GET on your running shoes and start training now for this year's Bradford City Runs, in aid of the Telegraph & Argus Bradford Crocus Cancer Appeal.

The annual race, which this year takes place on Sunday, October 26, is organised by Bradford Council in partnership with Bradford Athletics Network (BAN) and they pledge to donate 40 per cent of race entry fees to the Appeal.

There will be four runs held on the day, a one-mile family race, a five-kilometre, 10k or half-marathon route.

The Telegraph & Argus has teamed up with the University of Bradford, Yorkshire Cancer Research and the Sovereign Health Care Charitable Trust to raise cash to help make the city's groundbreaking work to fight the disease faster than ever before.

The inaugural family race is a one-mile circular run on Thornton Road, starting at 9.15am.

All routes start and finish in the city's multi-award winning City Park.

The accurately measured multi-lap course takes in the college and university. All roads will be closed to traffic, offering runners and spectators a unique city centre event.

More than 400 runners took part in last year's City Runs and this year organisers hope to attract 1,000 entrants.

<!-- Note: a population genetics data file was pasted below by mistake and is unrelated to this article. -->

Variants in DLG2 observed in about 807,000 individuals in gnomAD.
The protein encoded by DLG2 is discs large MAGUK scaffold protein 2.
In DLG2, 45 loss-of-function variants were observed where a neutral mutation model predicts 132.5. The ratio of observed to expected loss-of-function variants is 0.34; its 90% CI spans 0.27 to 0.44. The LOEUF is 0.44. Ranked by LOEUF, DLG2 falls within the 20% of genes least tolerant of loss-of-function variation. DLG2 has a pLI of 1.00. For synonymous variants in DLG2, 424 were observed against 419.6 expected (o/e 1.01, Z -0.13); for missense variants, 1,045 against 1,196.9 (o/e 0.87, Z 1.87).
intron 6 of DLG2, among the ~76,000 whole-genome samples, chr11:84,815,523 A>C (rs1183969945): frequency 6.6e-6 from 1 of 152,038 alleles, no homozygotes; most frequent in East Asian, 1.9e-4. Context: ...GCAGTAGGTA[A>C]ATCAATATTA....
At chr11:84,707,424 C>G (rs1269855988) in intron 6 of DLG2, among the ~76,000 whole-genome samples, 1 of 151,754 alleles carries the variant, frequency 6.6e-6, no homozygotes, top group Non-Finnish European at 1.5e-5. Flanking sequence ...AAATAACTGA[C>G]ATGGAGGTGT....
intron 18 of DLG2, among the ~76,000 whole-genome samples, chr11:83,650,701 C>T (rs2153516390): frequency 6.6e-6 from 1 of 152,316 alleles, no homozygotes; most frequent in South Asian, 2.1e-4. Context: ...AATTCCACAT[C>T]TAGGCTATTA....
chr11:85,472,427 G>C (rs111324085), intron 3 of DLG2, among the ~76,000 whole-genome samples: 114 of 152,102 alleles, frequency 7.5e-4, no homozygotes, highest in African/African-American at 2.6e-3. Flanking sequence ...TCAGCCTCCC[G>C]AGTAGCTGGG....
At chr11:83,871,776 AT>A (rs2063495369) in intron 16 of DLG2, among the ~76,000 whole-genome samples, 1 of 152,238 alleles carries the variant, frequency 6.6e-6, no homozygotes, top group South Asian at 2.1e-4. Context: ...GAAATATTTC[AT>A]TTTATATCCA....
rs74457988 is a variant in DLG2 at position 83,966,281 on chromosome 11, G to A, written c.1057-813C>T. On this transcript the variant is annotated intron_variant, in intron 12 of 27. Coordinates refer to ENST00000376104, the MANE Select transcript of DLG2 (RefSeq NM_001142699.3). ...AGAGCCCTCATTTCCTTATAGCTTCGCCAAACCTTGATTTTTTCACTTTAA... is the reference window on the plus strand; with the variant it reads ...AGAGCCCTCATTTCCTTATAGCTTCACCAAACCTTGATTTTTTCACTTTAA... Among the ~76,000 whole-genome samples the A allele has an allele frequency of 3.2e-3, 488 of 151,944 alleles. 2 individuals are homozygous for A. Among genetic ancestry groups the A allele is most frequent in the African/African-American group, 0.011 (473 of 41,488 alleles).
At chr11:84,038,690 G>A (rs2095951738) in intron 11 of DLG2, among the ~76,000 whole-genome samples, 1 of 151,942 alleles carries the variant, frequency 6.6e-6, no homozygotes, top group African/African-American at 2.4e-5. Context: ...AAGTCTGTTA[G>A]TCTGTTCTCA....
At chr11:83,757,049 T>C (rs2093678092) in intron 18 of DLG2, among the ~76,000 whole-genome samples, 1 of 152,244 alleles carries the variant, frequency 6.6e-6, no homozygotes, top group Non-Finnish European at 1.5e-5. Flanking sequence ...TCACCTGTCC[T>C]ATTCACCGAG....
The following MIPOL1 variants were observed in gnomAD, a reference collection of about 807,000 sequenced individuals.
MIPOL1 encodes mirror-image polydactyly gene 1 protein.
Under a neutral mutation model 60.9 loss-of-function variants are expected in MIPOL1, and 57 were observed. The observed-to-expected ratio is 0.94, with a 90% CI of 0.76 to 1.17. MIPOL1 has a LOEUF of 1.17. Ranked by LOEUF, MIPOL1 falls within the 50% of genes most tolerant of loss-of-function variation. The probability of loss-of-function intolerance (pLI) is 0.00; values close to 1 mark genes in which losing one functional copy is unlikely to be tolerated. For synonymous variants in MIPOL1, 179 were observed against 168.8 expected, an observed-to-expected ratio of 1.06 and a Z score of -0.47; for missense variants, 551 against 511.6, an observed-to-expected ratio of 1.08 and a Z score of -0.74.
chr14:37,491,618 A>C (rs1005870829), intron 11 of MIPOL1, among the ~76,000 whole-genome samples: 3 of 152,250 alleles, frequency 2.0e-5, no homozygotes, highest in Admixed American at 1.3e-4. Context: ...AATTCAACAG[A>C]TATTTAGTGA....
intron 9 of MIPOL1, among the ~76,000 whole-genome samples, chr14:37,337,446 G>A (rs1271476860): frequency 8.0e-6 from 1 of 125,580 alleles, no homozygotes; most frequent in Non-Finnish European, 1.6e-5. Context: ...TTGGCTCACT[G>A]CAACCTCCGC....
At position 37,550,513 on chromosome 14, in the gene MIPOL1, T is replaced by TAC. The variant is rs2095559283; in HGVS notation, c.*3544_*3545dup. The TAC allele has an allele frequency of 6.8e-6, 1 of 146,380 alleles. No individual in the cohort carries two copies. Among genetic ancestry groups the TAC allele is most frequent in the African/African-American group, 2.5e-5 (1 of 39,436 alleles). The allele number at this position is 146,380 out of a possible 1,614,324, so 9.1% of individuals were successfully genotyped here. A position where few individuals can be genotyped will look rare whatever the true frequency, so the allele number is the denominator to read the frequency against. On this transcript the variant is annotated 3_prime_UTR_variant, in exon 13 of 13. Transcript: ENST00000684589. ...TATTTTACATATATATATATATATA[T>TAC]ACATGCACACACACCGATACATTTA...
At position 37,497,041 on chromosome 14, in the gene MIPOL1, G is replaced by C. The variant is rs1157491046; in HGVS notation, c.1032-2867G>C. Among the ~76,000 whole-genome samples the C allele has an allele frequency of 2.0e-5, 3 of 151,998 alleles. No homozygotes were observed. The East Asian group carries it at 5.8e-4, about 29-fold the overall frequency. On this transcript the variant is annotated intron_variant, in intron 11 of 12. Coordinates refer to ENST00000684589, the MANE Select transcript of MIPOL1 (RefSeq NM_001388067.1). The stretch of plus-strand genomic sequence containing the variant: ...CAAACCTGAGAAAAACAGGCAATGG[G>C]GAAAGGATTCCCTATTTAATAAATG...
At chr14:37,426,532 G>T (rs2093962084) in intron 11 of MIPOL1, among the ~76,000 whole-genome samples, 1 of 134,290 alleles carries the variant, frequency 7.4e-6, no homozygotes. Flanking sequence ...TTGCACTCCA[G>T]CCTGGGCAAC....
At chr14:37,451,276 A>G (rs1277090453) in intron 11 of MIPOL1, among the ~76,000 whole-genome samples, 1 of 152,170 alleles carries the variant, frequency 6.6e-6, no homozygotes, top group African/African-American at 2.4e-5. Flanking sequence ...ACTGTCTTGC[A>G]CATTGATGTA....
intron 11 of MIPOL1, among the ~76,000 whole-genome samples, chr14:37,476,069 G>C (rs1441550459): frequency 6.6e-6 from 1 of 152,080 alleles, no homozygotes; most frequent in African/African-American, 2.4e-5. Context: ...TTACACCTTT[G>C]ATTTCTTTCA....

But what training schedule should first-time runners be following in the build-up to the race?

Simon Forde, of BAN and City Run organiser, has offered key advice to people stepping onto the streets for the City Runs.

He said: "You need to start right now. Eight weeks training for a 10k is the minimum. Ten weeks is better.

"You need to check with your GP first that you can do a run.

"You need to be aiming to go out training three times a week. You need to do two easier runs and one longer and harder run at the weekend.

"Vary the type of training you do.

"The first week of training you want to be building up from two to 3km. The fourth week, you need to be having an easy week. From weeks five to seven, build up runs and be able to do three to four kms comfortably.

"With two weeks to go, you want to be able to do a 5km comfortably.

"The big danger is people leave it too late and do too much training before the race. People should start early and have a bit of time to recover before the race.

"Build up training slowly. If you do too much too quick you will get injured.

"The only kit you need to have is a decent pair of trainers.

"The most important lessons are perhaps threefold, for anyone starting running. First build up slowly, only increasing your mileage by ten per cent week by week.

"Second, vary the distances and intensities your run at. Thirdly, start now."


Sam Butterworth, sports and societies officer at the University of Bradford’s students’ union, who has signed up for the City Runs' 10k, said: “I’m happy to do the race, as it’s a cause based on campus at the University.

“It’s a big city movement which I would urged people to get behind.

“A number of representatives of different sports clubs and societies and management of the students’ union are taking part in the City Runs.”

To sign up for the race, go to All runners will be asked if they would like to collect sponsorship for the Crocus Cancer Appeal.